'Why we are calling on women to shut down SA on August 1'

Published Jul 27, 2018


Cape Town - Women have nothing to celebrate this Women's Month when we are dying at the rate that we are, says Onica Makwakwa, national liaison for #TheTotalShutdown: Intersectional Women’s March Against GBV.

This is why the organisers of #TheTotalShutdown are calling on women from all sectors to join together to shut down the country on August 1 - the start of Women's Month - in protest against gender-based violence.

The campaign was started by a group of "ordinary women who just felt that they just seen one too many posts of missing women and know exactly how that story will end, with them either being dead and usually their partner being responsible for their death," says Makwakwa. "And so (we) decided to organise to basically say that we need to be serious about bringing an end to gender-based-violence in this country." 

The group have been mobilising women on social media for months in preparation for the marches. 

Marches are set to take place simultaneously in every major city across South Africa:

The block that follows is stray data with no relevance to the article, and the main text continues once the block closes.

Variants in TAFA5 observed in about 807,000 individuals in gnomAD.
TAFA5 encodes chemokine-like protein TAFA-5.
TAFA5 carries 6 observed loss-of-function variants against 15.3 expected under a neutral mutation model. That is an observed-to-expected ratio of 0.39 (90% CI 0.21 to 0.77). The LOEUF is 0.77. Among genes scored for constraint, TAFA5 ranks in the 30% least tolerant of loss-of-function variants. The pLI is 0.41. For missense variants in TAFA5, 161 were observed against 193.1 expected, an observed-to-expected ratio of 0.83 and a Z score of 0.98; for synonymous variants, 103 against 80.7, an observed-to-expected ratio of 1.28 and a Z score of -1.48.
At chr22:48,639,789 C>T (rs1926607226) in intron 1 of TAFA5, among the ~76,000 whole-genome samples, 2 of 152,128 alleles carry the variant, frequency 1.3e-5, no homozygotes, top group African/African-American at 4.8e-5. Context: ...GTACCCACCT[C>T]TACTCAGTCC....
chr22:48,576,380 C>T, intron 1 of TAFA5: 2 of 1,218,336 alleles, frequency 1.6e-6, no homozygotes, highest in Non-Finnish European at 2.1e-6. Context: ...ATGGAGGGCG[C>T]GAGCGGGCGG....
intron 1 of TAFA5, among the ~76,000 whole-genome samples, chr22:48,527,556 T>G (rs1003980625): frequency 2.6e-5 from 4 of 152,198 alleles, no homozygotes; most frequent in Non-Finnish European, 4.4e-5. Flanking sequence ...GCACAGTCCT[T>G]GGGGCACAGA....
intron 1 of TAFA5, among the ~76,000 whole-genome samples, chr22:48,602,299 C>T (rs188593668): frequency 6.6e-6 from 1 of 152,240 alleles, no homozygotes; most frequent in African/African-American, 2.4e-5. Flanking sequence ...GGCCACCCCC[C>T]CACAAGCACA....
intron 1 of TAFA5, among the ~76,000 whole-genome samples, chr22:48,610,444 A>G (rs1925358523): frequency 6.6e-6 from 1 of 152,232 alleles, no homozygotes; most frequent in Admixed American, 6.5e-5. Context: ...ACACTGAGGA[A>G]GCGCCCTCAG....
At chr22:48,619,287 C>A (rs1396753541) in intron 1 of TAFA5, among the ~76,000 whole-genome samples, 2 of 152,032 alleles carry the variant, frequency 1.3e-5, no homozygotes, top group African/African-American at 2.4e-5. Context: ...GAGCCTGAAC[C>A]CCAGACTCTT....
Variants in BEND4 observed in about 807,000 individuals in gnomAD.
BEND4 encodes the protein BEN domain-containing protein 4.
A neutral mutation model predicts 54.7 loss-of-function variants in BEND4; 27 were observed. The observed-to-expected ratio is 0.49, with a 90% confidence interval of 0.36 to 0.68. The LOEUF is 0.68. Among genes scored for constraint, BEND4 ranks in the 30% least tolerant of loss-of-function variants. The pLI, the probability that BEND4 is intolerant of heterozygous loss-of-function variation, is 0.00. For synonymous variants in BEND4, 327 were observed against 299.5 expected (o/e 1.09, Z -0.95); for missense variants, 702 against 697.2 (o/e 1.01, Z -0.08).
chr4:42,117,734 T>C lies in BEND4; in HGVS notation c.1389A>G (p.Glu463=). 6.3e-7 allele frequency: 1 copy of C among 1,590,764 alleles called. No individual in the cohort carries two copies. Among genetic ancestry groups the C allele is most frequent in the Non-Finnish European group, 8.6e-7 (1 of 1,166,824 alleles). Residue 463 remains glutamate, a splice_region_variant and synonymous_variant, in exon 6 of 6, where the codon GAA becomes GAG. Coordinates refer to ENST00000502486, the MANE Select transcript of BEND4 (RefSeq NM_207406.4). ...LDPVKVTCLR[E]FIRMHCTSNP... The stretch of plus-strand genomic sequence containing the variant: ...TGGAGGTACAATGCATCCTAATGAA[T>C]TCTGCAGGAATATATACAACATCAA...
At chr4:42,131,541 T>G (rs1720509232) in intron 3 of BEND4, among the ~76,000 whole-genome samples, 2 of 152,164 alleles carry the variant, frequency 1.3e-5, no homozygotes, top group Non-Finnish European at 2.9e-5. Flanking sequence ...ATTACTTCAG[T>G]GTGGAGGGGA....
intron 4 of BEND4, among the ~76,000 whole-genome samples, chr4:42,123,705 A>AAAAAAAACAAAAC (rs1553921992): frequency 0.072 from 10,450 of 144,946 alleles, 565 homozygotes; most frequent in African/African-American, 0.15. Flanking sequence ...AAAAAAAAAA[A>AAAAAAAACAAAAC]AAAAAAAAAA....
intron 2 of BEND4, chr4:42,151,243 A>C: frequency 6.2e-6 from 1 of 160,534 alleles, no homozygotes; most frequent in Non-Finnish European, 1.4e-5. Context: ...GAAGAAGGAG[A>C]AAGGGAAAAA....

Women in Lesotho, Botswana, Swaziland and Namibia will march in solidarity.

Marchers are encouraged to wear black with a touch of red.

"Women who are not able to march, we are asking that they stay away from work on that day, a total stay away. For those who absolutely must be at work, we are calling for a moment of solidarity from 1-1.30pm."

In addition, refrain from all economic activities - do not buy anything on that day unless absolutely necessary.

They will be delivering 24 demands to the government, including that President Cyril Ramaphosa and the Presidency not appoint people to government offices who are known perpetrators.

While the #TheTotalShutdown protest is intersectional and all LGBTQIA+, differently-abled persons and races are invited to participate, the Facebook and Whatsapp groups are for women only.

For weeks now women have been sharing their personal stories and why they are participating in the march in the closed Facebook group and, says Makwakwa, the stories and the women behind them prove that gender violence knows no race, economic class or religion.


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